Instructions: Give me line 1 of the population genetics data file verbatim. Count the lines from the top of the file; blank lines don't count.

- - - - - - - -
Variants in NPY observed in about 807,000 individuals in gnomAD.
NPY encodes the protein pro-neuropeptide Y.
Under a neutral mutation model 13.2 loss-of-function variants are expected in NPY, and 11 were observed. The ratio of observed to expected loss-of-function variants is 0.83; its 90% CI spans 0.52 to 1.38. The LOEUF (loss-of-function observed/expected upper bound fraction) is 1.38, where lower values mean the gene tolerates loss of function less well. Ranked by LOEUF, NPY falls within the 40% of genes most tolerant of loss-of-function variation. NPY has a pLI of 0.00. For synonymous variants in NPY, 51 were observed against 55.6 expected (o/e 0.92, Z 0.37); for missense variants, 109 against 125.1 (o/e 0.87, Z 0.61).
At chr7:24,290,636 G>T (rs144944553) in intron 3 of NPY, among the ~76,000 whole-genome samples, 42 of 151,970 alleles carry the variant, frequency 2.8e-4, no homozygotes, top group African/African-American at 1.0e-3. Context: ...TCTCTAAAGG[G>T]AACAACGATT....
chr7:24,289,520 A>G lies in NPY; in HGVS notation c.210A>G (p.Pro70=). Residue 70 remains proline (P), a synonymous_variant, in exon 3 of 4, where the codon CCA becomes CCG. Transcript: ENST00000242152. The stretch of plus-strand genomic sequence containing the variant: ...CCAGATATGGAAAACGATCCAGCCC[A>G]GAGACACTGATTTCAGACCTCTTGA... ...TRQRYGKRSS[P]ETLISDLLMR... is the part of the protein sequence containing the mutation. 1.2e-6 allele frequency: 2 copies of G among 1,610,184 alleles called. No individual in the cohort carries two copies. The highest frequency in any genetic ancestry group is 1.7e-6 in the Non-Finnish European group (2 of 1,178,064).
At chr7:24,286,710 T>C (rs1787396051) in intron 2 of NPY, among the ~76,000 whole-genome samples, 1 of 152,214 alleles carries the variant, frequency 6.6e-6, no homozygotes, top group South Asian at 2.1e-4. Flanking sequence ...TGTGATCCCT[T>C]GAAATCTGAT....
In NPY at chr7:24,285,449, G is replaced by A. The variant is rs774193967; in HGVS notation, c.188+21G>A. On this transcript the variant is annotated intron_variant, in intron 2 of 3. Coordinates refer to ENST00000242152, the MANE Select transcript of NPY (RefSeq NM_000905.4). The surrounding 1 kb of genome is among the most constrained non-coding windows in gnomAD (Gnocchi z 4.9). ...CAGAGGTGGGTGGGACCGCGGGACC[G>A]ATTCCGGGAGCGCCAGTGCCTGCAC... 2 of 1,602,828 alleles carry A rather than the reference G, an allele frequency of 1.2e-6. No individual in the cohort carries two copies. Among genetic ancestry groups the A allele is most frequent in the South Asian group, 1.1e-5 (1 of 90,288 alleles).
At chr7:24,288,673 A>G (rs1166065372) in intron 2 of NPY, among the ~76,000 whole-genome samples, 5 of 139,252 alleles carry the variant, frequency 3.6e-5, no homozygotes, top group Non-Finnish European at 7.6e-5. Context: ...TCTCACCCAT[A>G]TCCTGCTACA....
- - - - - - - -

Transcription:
Variants in NPY observed in about 807,000 individuals in gnomAD.